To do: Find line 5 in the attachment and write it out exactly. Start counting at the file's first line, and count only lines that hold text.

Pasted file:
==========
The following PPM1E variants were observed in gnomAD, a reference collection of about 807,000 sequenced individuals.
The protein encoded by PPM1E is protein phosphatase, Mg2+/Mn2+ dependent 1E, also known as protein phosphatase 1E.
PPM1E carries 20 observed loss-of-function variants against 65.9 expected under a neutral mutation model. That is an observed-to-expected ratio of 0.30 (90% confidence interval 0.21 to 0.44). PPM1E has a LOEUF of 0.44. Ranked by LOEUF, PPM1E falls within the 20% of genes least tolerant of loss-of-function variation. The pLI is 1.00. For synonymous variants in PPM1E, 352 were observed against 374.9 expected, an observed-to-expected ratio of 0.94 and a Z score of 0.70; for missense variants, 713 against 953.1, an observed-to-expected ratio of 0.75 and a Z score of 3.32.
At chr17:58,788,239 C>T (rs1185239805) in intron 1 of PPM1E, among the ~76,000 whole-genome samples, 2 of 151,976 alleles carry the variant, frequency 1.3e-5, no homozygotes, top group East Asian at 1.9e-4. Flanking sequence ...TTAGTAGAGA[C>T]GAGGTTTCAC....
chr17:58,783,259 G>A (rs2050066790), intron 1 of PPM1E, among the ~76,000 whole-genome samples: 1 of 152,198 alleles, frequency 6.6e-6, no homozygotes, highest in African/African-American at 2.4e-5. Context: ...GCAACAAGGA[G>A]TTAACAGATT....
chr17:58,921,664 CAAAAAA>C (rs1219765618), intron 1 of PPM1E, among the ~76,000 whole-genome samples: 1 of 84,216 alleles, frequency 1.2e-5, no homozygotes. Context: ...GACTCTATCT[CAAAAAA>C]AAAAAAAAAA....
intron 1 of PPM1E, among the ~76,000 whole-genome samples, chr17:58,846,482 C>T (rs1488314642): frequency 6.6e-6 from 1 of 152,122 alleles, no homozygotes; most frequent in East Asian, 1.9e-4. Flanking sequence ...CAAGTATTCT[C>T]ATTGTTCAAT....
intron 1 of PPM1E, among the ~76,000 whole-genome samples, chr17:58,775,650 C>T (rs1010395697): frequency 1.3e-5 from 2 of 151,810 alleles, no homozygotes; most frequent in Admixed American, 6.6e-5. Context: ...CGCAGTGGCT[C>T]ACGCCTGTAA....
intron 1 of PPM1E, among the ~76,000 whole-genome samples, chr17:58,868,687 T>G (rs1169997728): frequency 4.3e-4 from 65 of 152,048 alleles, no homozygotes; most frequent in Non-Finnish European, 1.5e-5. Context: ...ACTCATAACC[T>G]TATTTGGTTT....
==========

chr17:58,783,259 G>A (rs2050066790), intron 1 of PPM1E, among the ~76,000 whole-genome samples: 1 of 152,198 alleles, frequency 6.6e-6, no homozygotes, highest in African/African-American at 2.4e-5. Context: ...GCAACAAGGA[G>A]TTAACAGATT....